What I Wish I Would Have Known Before I Started

By: - March 18, 2013

Print Friendly, PDF & Email

A few weeks ago, Tapestry hosted a Foster Care and Foster Adoption informational meeting. Tapestry also asked some of their foster and adoptive parents to speak out about the things the wish they would have known before starting the foster care or foster/adopt journey.

  • I wish I had known of the need to be clearer about our desire to adopt and I wish I had reached out directly to our agency’s adoption coordinator earlier in the process. Instead, I let my frustration grow as we continued to wait, only to finally realize that we were not on the adoption list (even though we assumed we were). — from a foster-to-adopt mom
  • I wish I had known about Texas Health Steps (THS) as a resource to find doctors and dentists in my area who accept Medicaid. THS provided us with a much longer list of doctors and dentists than what we received from the Medicaid office, and the THS list included practitioners much closer to my home than those on the Medicaid list. We also learned that THS will provide transportation to and from medical appointments or money for gas for those who need it. For more information about Texas Health Steps call 1-877-THSTEPS (847-8377) or visit THS online at www.dshs.state.tx.us/thsteps/default.shtm. —from a mom who adopted from foster care 
  • I wish I had known to relax, enjoy every moment with our child, pray for him, his family and all of those involved in the case, and trust the Lord with all of the details. A majority of adult adoptees, especially from a closed adoption, wonder about their birth parents. With our foster-to-adopt placement, we hung on every word about the case that we heard from our CASA or CPS caseworker. This led to quite a ‘roller coaster’ of emotions. To be honest, I knew this but it was all too easy to forget and instead let the worrying take over. — from a foster-to-adopt mom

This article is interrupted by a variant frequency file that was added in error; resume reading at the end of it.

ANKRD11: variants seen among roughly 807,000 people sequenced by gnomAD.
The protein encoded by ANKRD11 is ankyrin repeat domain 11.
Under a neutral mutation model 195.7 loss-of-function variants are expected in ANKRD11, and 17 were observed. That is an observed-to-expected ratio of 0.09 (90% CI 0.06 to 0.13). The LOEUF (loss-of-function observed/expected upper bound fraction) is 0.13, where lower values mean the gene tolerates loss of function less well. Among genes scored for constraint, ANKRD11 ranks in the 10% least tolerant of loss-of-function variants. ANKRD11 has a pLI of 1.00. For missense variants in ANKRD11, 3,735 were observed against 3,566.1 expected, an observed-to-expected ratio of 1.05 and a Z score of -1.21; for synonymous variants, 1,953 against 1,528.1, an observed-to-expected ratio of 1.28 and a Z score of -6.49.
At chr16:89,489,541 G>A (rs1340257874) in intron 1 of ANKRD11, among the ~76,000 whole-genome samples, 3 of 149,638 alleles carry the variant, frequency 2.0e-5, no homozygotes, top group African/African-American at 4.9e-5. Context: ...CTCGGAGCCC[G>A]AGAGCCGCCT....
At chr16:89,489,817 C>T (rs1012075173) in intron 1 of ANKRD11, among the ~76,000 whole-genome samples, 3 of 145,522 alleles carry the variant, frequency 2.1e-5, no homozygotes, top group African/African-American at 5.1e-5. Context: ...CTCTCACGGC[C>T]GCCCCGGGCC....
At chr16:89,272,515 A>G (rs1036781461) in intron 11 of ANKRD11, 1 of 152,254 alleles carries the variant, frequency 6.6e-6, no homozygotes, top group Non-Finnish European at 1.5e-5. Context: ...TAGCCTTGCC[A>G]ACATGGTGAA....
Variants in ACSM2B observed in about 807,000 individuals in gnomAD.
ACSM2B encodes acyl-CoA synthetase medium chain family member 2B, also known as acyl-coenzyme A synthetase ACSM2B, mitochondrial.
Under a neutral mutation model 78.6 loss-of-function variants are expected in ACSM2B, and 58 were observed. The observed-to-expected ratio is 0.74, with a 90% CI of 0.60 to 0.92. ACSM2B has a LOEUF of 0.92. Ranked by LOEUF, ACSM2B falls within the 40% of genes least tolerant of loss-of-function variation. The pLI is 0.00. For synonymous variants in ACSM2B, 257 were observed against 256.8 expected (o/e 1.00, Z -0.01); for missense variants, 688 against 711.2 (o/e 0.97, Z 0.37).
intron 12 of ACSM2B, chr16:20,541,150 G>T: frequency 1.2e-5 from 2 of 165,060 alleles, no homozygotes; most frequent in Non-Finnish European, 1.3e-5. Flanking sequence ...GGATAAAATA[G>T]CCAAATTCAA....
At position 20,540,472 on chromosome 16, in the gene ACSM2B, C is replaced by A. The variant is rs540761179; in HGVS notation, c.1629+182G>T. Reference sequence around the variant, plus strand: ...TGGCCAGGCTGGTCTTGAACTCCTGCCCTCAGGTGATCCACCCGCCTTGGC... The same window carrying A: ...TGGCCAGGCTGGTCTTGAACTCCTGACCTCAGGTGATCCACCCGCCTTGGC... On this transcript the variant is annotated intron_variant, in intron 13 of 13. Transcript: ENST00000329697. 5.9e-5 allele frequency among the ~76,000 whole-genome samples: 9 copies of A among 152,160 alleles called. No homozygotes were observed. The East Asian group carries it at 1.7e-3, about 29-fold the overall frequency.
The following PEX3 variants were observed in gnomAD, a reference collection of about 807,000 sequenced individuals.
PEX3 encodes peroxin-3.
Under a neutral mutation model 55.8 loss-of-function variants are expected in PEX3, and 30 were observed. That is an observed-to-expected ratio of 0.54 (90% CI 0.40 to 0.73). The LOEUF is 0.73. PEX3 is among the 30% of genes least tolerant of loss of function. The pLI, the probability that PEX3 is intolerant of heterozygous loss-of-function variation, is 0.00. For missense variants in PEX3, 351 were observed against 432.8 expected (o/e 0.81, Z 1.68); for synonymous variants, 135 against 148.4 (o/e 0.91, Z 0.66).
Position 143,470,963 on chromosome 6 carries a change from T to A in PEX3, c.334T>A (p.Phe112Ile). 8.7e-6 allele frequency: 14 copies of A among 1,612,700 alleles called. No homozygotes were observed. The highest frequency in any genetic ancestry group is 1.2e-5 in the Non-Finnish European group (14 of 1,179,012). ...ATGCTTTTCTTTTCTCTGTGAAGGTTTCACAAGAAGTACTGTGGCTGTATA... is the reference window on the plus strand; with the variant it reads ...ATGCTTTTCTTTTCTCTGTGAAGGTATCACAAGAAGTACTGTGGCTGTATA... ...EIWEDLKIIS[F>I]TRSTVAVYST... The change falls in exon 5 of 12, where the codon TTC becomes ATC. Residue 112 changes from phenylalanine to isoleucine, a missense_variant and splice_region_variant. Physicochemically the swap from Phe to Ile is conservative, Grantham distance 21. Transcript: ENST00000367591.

• I wish I had known before we started fostering how careful you have to be with your foster child. It is critically important to follow all of the rules – even the ones that don’t make sense. Accidents can and will happen, but when they do it is very important to be sure to comply with all of the reporting procedures.  There are some real risks in terms of being a foster parent – and this reality cannot be ignored. — from a foster and adoptive family
  • I wish I had known just how pressed and overburdened the system is. CPS, the courts, attorneys, agencies, counselors, ad litems – every aspect of the system is ‘maxed out.’ As I came to understand this I began to realize that one of my many roles on behalf of my foster kids was to be a voice for them – at times, a really loud voice. Now, I am not the least bit timid to let people know what my kids need. I am their advocate as well as the person to offer them love, care and protection. — from a foster mom of 17 years
  • I wish I had known that even though CPS does not require or expect you to attend the Family Group Conference or the Permanency Planning Conferences, I should have gone anyway.  Knowing what I know now, my advice is to attend these conferences and be an active (even proactive) participant.  Bring pictures of the child and be prepared to talk in detail about the child since he or she came into your care.  Try to be an impartial advocate for the needs of the child. It’s your job to give the child a face, so they are not just another case to everyone involved.  No one knows how the child is progressing better than you! — from a foster-to-adopt mom
  • I wish I had known that, despite my best attempts to be well-informed and well-educated regarding the process, our child’s future with us was not guaranteed.  There was no guarantee that he would be ‘ours’ forever until many things happened first.  But in spite of all that – the moment we laid eyes on him we loved him as if he was our very own and our ability to remain truly objective about his future was gone in an instant! — from a foster-to-adopt mom
  • I wish I had known before adopting from foster care how great it would feel once the adoption was finalized. Had I understood this I may not have been so stressed and grief stricken about the process.  Foster care adoption has many, many challenges – but the deep love you feel for a child who has come from a ‘hard place’ and so desperately needs a Mommy as much as you need a child is unparalleled with anything else in the world! — from a foster and adoptive mom

If you would like to talk to an experienced foster or adoptive parent in contact us at [email protected].

Also Found In: Getting Started, Serving Children in Foster Care, Tapestry Blog